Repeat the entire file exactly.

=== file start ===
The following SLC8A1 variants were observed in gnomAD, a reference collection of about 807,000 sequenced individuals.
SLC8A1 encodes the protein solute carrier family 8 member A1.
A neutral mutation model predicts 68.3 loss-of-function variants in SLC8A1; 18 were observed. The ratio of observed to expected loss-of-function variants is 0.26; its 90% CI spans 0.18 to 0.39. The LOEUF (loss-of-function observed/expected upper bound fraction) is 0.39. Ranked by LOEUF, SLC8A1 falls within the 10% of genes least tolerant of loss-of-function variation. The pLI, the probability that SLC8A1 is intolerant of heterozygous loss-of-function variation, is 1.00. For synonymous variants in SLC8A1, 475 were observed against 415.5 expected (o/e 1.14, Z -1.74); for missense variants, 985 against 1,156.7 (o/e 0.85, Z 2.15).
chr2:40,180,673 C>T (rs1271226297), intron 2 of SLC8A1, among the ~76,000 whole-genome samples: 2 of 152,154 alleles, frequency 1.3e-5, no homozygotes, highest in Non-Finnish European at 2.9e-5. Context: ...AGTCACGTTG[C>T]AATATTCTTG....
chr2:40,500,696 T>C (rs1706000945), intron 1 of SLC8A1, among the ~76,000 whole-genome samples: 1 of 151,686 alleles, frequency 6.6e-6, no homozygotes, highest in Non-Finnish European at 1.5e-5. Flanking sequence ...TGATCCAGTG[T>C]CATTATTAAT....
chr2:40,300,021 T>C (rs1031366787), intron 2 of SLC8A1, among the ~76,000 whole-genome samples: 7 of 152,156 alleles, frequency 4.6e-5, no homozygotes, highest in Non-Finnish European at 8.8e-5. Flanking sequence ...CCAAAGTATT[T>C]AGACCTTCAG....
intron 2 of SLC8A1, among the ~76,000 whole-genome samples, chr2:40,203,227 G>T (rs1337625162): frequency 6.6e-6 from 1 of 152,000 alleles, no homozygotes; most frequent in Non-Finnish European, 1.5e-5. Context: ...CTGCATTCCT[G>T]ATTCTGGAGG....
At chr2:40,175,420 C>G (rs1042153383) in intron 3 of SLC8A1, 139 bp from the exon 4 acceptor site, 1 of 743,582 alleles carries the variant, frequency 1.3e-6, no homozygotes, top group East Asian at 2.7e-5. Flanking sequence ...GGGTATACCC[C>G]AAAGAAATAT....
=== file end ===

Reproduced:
The following SLC8A1 variants were observed in gnomAD, a reference collection of about 807,000 sequenced individuals.
SLC8A1 encodes the protein solute carrier family 8 member A1.
A neutral mutation model predicts 68.3 loss-of-function variants in SLC8A1; 18 were observed. The ratio of observed to expected loss-of-function variants is 0.26; its 90% CI spans 0.18 to 0.39. The LOEUF (loss-of-function observed/expected upper bound fraction) is 0.39. Ranked by LOEUF, SLC8A1 falls within the 10% of genes least tolerant of loss-of-function variation. The pLI, the probability that SLC8A1 is intolerant of heterozygous loss-of-function variation, is 1.00. For synonymous variants in SLC8A1, 475 were observed against 415.5 expected (o/e 1.14, Z -1.74); for missense variants, 985 against 1,156.7 (o/e 0.85, Z 2.15).
chr2:40,180,673 C>T (rs1271226297), intron 2 of SLC8A1, among the ~76,000 whole-genome samples: 2 of 152,154 alleles, frequency 1.3e-5, no homozygotes, highest in Non-Finnish European at 2.9e-5. Context: ...AGTCACGTTG[C>T]AATATTCTTG....
chr2:40,500,696 T>C (rs1706000945), intron 1 of SLC8A1, among the ~76,000 whole-genome samples: 1 of 151,686 alleles, frequency 6.6e-6, no homozygotes, highest in Non-Finnish European at 1.5e-5. Flanking sequence ...TGATCCAGTG[T>C]CATTATTAAT....
chr2:40,300,021 T>C (rs1031366787), intron 2 of SLC8A1, among the ~76,000 whole-genome samples: 7 of 152,156 alleles, frequency 4.6e-5, no homozygotes, highest in Non-Finnish European at 8.8e-5. Flanking sequence ...CCAAAGTATT[T>C]AGACCTTCAG....
intron 2 of SLC8A1, among the ~76,000 whole-genome samples, chr2:40,203,227 G>T (rs1337625162): frequency 6.6e-6 from 1 of 152,000 alleles, no homozygotes; most frequent in Non-Finnish European, 1.5e-5. Context: ...CTGCATTCCT[G>T]ATTCTGGAGG....
At chr2:40,175,420 C>G (rs1042153383) in intron 3 of SLC8A1, 139 bp from the exon 4 acceptor site, 1 of 743,582 alleles carries the variant, frequency 1.3e-6, no homozygotes, top group East Asian at 2.7e-5. Flanking sequence ...GGGTATACCC[C>G]AAAGAAATAT....